• Impaired control: it becomes almost impossible to miss an opportunity to game despite knowing that there are other commitments to meet, such as work, social, or study.
  • Deceit: the individual may lie about the amount of time they’re spending on games, or take extreme measures to avoid people who question them about their gaming.
  • Escaping reality: gaming becomes a primary way of denying uncomfortable feelings (such as loneliness, guilt, anxiety), or difficulties such as debt, housing issues, or legal problems.
  • Interpersonal relationship problems: difficulties arise and escalate with significant people in the gamer’s life, especially their partner, parents, or children.

Remember, if someone you know is spending hours at a time in front of the computer or gaming console, this does not automatically mean that they are suffering from gaming addiction. There may be other factors contributing including social isolation and loneliness which the individual may need additional support with.

Ways to help yourself take control

If you think that you might have an addiction to gaming, there are a number of professional support resources that can help, but you may also want to become more aware of your individual triggers and reasons for your gaming. Increasing your level of understanding about how and why you game will ultimately help you to take back control.

Keeping a record of your gaming activity is an important step in helping you to gain better insight into your behaviour. Use the diary to record the following:

  • How were you feeling prior to gaming (bored, lonely or frustrated after a set-back)?
  • Before playing, did you try to resist the urge? If so, what got in the way?
  • Did you put off other activities to play games?
  • Who were you with when gaming?
  • How much time did you spend gaming?
  • How did you feel after gaming (relieved, content, disappointed, guilty or angry)?

Download Gaming Diary (0.12mb)

Keeping an accurate record is really important. Depending on your own individual gaming patterns, you may need to complete this a number of times during each day to ensure it presents a realistic picture of your patterns. Once you have completed your diary for a couple of weeks, take time to look back and review your notes. This may help you to identify particular trends and patterns to your gaming activity. It can also be helpful to share the diary with a close friend or family member who can offer you non-judgemental support to cut down, or stop, your gaming.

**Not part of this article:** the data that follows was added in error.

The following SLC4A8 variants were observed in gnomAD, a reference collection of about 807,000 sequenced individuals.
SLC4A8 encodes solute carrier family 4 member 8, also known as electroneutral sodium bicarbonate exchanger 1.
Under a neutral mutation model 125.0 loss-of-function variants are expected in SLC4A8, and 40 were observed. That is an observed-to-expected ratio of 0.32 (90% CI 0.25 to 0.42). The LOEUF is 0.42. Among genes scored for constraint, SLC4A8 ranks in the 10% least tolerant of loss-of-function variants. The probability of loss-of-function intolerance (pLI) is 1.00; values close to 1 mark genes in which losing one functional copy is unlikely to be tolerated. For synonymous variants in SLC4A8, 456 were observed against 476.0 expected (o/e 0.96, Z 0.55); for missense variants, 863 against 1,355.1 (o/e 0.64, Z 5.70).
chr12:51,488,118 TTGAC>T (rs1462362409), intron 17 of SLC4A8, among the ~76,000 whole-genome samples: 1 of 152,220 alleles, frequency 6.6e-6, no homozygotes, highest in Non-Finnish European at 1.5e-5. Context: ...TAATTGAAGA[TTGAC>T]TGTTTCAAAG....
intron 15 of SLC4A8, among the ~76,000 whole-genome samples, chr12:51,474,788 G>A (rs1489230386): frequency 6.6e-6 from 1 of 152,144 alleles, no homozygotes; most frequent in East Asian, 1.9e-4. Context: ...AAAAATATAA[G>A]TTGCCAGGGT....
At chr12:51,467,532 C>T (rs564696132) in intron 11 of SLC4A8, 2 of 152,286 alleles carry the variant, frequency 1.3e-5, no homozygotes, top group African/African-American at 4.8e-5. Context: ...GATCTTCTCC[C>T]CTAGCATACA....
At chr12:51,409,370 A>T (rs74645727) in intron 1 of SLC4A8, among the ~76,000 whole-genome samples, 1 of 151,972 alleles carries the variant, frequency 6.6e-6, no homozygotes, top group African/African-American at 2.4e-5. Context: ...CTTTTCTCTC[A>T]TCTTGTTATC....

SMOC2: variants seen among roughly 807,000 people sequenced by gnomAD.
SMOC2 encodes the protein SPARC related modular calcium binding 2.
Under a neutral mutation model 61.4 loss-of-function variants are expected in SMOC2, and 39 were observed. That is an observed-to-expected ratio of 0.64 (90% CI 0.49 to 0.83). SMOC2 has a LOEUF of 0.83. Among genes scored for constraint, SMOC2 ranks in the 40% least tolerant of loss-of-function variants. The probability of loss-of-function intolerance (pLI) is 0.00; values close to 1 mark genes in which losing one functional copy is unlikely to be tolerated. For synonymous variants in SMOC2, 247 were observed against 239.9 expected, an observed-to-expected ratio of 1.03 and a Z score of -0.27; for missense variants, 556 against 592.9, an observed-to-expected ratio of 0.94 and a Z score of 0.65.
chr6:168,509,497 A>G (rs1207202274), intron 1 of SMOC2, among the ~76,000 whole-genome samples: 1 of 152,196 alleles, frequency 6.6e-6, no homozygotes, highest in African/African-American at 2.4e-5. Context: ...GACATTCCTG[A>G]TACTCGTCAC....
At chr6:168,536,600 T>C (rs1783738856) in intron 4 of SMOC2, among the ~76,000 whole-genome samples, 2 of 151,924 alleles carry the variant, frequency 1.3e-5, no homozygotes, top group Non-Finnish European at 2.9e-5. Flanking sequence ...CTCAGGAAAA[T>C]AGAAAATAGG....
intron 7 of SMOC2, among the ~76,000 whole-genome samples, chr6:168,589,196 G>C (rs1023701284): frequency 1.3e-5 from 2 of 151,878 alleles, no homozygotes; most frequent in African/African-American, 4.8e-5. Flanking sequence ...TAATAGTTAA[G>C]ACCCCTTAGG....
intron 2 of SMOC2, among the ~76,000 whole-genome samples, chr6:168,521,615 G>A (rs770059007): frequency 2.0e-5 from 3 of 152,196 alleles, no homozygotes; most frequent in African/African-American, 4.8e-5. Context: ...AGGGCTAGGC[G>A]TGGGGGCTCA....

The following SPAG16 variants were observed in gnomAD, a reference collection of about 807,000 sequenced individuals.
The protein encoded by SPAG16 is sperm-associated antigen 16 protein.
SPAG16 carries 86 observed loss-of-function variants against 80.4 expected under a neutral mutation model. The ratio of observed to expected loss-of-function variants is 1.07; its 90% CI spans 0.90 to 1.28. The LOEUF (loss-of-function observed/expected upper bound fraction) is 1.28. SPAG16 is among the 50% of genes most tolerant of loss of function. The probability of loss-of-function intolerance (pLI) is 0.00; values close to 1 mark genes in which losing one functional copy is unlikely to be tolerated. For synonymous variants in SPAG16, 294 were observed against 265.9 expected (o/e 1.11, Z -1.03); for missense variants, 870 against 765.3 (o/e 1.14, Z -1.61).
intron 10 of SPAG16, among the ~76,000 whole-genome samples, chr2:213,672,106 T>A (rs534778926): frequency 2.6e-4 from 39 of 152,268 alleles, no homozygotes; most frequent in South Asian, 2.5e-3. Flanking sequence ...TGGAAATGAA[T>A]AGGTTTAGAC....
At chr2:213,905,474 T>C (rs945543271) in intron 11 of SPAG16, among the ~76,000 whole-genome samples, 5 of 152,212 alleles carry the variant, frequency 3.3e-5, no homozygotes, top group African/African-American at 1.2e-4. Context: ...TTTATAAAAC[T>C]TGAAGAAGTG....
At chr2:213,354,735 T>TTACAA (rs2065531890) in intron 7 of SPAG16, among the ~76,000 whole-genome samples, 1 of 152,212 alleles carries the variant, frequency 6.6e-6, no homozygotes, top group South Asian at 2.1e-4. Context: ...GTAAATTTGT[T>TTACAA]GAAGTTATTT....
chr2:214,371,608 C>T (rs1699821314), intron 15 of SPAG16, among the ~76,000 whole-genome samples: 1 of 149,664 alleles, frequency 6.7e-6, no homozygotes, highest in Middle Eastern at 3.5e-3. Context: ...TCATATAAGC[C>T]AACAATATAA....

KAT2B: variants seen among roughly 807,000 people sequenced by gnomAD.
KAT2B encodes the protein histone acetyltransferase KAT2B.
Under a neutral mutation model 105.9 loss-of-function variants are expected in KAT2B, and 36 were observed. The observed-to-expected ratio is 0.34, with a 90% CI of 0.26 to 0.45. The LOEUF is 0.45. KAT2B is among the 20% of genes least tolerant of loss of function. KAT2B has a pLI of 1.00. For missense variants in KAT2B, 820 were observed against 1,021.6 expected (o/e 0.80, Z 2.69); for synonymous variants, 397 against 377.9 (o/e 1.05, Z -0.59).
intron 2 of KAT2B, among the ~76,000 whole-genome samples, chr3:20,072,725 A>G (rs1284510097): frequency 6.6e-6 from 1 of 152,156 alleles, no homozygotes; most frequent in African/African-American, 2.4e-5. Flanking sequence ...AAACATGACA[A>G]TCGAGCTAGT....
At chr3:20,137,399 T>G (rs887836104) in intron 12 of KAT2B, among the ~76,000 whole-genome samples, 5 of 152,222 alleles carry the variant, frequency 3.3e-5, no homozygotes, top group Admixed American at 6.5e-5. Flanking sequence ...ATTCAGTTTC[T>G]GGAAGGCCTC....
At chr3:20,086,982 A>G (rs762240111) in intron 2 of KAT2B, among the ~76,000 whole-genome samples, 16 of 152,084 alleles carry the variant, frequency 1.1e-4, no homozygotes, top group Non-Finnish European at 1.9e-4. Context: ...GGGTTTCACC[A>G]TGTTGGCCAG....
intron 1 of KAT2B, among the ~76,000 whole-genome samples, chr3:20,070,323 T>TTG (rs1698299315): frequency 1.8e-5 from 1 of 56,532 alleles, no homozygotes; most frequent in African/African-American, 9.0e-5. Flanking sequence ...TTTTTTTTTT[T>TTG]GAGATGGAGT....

Due to the time spent, video games are considered harmless by many people and gaming addiction is not really understood. Nevertheless, gaming addiction can have serious consequences, both physically and mentally. Those with an addiction to gaming may develop a number of physical health issues, which could include:

  • Migraines
  • Carpal tunnel syndrome
  • Poor sleep
  • Poor diet
  • Backache and musculoskeletal issues
  • Poor personal hygiene.

Nonetheless, it is not just physical problems that occur among those with a gaming addiction. There are a number of social consequences too. Those who become preoccupied with gaming may become isolated and unable to interact with the real world. This can affect this person’s ability to develop strong relationships in the future.

Treatment and support options

For those struggling with problem gaming, there are a range of support options available, but like any addiction, its treatment is specialised. In the first instance, you might want to speak to your GP – he or she will have met patients with this particular addiction.

Video Game Addiction UK offers support to people who are worried about their gaming, and those who care about them such as partners or parents. The service is available 24 hours a day, seven days a week and can be reached on 08000 886 686. If you are outside of the UK, contact +44 330 333 6197.

All calls are confidential, and answered by qualified specialists who work specifically with gaming addiction. They can talk to you about treatment options local to you, and offer insight into how to start to take control from today.